Amit Varma is a writer based in Mumbai. He worked in journalism for over a decade, and won the Bastiat Prize for Journalism in 2007. His bestselling novel, My Friend Sancho, was published in 2009. He is best known for his blog, India Uncut. His current project is a non-fiction book about the lack of personal and economic freedoms in post-Independence India.
Here’s a lovely excerpt from the short story “Oh, Joseph, I’m so tired” by Richard Yates:
That small room of ours, with its double function of sleep and learning, stands more clearly in my memory than any other part of our home. Someone should probably have told my mother that a girl and boy of our ages ought to have separate rooms, but that never occurred to me until much later. Our cots were set foot-to-foot against the wall, leaving just enough space to pass alongside them to the school table, and we had some good conversations as we lay waiting for sleep at night. The one I remember best was the time Edith told me about the sound of the city.
“I don’t mean just the loud noises,” she said, “like the siren going by just now, or those car doors slamming, or all the laughing and shouting down the street; that’s just close-up stuff. I’m talking about something else. Because you see there are millions and millions of people in New York—more people than you can possibly imagine, ever—and most of them are doing something that makes a sound. Maybe talking, or playing the radio, maybe closing doors, maybe putting their forks down on their plates if they’re having dinner, or dropping their shoes if they’re going to bed—and because there are so many of them, all those little sounds add up and come together in a kind of hum. But it’s so faint—so very, very faint—that you can’t hear it unless you listen very carefully for a long time.”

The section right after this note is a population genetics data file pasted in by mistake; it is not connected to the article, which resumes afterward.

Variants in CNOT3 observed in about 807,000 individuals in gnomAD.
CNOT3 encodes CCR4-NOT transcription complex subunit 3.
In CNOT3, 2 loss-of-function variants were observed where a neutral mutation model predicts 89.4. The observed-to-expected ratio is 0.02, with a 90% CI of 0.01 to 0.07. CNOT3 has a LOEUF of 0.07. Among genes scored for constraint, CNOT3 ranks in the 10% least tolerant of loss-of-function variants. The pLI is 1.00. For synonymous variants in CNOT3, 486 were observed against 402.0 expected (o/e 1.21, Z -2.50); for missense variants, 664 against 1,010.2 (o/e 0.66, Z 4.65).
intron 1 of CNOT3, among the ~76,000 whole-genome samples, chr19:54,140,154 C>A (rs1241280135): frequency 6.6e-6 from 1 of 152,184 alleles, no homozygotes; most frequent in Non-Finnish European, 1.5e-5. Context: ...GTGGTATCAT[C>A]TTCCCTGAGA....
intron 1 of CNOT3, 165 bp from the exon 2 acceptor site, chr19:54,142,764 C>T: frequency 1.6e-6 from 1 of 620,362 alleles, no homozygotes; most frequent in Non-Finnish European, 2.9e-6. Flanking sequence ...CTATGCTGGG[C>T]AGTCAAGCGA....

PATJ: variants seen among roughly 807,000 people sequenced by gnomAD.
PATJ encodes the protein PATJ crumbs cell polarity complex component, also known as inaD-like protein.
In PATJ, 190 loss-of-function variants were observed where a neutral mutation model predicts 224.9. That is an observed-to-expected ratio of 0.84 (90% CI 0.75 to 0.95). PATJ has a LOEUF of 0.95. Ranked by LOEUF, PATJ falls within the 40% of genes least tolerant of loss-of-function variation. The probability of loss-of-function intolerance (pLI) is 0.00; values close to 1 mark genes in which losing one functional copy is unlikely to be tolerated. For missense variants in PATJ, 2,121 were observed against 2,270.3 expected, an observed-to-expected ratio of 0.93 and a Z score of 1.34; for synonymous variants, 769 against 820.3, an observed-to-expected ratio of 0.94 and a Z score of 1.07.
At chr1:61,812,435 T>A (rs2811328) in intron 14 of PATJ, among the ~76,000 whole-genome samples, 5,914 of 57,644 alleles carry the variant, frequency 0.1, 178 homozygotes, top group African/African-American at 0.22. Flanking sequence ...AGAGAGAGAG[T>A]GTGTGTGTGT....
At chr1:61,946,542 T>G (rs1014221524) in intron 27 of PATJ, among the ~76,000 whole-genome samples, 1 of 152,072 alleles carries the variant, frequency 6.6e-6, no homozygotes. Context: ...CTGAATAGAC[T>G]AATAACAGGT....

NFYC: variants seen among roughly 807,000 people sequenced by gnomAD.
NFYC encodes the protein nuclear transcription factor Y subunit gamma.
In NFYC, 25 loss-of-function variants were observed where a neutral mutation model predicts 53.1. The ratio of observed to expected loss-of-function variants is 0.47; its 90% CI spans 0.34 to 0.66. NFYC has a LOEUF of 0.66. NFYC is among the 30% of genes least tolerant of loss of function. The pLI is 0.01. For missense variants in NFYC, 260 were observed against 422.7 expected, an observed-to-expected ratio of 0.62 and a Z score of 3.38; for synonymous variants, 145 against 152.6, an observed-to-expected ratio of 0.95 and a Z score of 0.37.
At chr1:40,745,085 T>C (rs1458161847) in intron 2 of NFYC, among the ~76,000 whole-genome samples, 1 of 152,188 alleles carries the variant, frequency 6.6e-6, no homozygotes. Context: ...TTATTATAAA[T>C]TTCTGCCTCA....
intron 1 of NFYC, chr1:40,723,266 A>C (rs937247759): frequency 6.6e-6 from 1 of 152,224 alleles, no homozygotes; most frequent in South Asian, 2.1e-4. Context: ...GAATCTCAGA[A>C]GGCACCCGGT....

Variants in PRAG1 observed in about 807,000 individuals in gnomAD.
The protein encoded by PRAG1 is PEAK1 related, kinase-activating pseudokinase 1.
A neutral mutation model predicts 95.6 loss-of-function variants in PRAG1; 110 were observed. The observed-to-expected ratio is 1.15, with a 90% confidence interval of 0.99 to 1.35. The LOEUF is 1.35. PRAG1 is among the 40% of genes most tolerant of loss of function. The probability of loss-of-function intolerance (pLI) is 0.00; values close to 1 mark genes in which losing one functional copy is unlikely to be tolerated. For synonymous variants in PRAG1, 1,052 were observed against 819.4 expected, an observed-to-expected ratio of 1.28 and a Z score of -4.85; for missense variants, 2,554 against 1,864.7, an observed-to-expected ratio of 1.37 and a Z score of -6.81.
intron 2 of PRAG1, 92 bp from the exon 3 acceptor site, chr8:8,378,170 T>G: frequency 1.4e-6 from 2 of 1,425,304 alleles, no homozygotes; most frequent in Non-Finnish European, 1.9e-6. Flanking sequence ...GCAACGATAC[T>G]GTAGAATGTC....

“Can you hear it,” I asked her.
“Sometimes. I listen every night, but I can only hear it sometimes. Other times I fall asleep. Let’s be quiet now, and just listen. See if you can hear it, Billy.”
And I tried hard, closing my eyes as if that would help, opening my mouth to minimize the sound of my breathing, but in the end I had to tell her I’d failed. “How about you?” I asked.
“Oh, I heard it,” she said. “Just for a few seconds, but I heard it. You’ll hear it too, if you keep trying. And it’s worth waiting for. When you hear it, you’re hearing the whole city of New York.”
I read Yates’s story a few minutes ago in The New Granta Book of the American Short Story, edited by Richard Ford, which contains some lovely stories—check out the ones by John Cheever and Raymond Carver. But this one is my favourite.
For more on Yates, try these links:
And here’s a fine interview of Yates in Ploughshares.
(Fraser link via Antiblurbs.)
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